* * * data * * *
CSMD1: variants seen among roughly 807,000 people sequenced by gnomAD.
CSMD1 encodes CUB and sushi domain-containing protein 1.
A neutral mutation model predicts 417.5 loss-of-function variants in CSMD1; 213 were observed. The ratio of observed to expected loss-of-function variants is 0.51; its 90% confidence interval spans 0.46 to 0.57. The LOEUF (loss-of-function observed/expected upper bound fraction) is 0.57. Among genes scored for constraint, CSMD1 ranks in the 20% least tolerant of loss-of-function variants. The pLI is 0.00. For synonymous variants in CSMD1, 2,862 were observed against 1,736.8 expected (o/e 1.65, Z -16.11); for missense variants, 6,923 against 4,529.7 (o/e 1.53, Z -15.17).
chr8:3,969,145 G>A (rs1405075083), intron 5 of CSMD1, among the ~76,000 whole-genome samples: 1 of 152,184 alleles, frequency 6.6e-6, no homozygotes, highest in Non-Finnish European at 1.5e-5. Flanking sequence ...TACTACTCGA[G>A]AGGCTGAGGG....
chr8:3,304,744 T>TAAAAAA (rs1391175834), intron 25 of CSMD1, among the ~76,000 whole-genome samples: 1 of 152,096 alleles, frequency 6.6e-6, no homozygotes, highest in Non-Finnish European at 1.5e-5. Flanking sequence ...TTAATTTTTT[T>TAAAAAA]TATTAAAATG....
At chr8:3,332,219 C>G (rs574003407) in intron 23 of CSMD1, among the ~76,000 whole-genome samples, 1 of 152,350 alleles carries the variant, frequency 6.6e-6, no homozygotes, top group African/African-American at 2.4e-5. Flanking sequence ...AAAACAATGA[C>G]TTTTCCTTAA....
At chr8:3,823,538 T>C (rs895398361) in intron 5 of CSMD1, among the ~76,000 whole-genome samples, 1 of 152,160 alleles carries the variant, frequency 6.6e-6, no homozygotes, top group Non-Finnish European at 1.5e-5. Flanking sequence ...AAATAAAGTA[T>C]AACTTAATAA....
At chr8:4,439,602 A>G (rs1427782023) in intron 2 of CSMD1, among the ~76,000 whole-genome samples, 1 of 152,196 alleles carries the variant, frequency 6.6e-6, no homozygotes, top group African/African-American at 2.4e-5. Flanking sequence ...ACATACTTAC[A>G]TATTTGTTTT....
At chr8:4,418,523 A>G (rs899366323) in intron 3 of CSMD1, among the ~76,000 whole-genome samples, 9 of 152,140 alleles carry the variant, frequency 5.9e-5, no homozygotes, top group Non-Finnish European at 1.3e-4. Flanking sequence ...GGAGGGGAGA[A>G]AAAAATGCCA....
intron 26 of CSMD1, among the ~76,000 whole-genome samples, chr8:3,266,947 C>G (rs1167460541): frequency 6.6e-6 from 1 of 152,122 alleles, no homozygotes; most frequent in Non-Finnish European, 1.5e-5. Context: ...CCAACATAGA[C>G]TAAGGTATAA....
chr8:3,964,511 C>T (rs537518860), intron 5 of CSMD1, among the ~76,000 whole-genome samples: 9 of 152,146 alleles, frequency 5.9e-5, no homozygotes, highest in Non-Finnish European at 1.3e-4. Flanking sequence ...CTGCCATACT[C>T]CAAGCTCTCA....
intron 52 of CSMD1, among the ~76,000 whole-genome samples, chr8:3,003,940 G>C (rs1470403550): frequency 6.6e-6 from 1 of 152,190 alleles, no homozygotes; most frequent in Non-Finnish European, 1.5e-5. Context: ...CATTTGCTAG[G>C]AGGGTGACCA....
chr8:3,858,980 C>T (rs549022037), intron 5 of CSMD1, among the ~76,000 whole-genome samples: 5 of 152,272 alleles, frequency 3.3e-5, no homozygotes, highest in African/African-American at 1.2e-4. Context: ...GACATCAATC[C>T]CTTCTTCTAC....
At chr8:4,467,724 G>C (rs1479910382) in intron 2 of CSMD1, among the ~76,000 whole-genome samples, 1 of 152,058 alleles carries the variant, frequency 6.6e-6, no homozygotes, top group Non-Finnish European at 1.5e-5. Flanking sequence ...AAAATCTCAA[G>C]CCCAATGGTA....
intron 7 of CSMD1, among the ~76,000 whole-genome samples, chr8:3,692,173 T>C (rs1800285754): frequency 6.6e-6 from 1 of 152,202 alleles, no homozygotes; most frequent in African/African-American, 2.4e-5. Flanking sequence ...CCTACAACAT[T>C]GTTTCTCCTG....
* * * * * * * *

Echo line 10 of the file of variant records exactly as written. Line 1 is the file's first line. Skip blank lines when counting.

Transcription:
intron 26 of CSMD1, among the ~76,000 whole-genome samples, chr8:3,266,947 C>G (rs1167460541): frequency 6.6e-6 from 1 of 152,122 alleles, no homozygotes; most frequent in Non-Finnish European, 1.5e-5. Context: ...CCAACATAGA[C>G]TAAGGTATAA....